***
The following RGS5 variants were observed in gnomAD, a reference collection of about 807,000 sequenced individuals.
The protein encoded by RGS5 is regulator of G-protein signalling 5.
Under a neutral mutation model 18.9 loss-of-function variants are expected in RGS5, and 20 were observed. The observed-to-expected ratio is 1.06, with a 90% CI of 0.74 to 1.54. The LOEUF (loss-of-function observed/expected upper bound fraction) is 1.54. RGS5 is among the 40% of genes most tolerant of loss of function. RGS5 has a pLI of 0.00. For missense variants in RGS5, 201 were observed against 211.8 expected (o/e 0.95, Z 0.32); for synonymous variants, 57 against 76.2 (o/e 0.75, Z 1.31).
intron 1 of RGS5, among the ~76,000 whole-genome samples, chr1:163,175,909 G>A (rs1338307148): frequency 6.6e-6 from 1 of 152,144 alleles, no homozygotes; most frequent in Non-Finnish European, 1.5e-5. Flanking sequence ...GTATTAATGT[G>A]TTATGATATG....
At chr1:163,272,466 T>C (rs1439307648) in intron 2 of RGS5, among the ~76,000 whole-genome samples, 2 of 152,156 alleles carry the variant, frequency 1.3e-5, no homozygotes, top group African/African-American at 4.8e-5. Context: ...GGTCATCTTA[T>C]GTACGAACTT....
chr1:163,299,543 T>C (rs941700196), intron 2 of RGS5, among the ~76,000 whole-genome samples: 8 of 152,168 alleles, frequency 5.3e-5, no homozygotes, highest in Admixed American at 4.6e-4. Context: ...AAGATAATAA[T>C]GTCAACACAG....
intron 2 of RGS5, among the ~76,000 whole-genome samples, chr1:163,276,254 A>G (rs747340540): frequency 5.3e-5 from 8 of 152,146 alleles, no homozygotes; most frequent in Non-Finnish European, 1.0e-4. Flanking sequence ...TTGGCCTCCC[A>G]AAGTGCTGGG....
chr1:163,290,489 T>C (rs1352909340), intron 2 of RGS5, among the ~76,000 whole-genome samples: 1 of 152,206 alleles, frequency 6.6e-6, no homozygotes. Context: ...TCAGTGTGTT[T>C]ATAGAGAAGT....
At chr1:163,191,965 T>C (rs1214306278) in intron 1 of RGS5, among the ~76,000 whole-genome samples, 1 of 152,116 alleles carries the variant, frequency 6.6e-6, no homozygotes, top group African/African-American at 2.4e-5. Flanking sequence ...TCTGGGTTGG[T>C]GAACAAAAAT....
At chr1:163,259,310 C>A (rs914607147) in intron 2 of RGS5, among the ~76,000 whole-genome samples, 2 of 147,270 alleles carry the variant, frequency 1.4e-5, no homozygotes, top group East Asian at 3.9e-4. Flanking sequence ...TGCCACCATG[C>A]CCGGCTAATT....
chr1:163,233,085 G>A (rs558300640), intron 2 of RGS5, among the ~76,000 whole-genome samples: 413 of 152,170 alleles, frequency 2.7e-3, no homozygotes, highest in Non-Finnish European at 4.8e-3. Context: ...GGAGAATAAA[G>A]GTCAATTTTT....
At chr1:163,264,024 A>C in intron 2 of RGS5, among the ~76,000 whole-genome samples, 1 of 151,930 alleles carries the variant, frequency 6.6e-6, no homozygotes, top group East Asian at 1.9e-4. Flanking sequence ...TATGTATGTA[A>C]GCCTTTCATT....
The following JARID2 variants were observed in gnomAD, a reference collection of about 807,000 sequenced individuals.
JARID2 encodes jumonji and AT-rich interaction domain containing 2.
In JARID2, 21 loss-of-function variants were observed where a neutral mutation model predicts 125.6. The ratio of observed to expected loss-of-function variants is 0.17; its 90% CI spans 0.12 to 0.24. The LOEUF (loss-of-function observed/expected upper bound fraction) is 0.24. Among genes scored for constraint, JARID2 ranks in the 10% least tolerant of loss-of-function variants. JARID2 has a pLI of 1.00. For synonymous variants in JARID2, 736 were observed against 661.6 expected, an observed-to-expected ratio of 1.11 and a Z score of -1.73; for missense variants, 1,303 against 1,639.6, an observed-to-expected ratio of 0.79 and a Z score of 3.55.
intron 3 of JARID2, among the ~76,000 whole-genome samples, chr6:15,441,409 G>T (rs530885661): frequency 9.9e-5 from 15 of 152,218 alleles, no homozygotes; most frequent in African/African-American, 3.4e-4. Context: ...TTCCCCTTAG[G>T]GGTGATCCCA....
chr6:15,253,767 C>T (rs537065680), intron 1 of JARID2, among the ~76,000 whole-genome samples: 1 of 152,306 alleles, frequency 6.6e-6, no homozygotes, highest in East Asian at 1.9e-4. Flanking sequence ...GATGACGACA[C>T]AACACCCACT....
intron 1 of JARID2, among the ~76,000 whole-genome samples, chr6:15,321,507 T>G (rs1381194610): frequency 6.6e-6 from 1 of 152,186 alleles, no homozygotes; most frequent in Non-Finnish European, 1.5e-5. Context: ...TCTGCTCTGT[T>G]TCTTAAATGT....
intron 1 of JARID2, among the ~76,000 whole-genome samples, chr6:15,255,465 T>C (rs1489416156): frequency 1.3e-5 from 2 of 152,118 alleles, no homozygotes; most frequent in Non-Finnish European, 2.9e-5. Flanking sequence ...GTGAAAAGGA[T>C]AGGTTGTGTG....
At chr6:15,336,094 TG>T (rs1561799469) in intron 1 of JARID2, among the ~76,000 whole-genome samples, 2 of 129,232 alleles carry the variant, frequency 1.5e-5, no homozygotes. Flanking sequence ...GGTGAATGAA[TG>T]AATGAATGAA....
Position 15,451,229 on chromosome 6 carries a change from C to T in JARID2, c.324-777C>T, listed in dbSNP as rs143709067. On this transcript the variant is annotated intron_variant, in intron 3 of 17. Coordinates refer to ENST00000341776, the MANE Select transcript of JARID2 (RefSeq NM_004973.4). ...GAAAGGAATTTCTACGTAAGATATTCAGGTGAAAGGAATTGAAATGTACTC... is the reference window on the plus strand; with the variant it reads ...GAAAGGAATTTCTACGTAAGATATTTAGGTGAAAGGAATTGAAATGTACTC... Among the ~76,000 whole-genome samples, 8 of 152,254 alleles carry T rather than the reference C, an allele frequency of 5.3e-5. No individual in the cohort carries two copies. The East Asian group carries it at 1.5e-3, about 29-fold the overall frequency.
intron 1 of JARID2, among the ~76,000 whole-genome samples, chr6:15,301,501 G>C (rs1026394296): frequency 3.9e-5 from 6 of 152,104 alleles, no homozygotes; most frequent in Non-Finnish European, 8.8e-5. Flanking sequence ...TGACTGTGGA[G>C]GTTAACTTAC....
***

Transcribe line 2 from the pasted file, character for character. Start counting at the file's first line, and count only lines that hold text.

The protein encoded by RGS5 is regulator of G-protein signalling 5.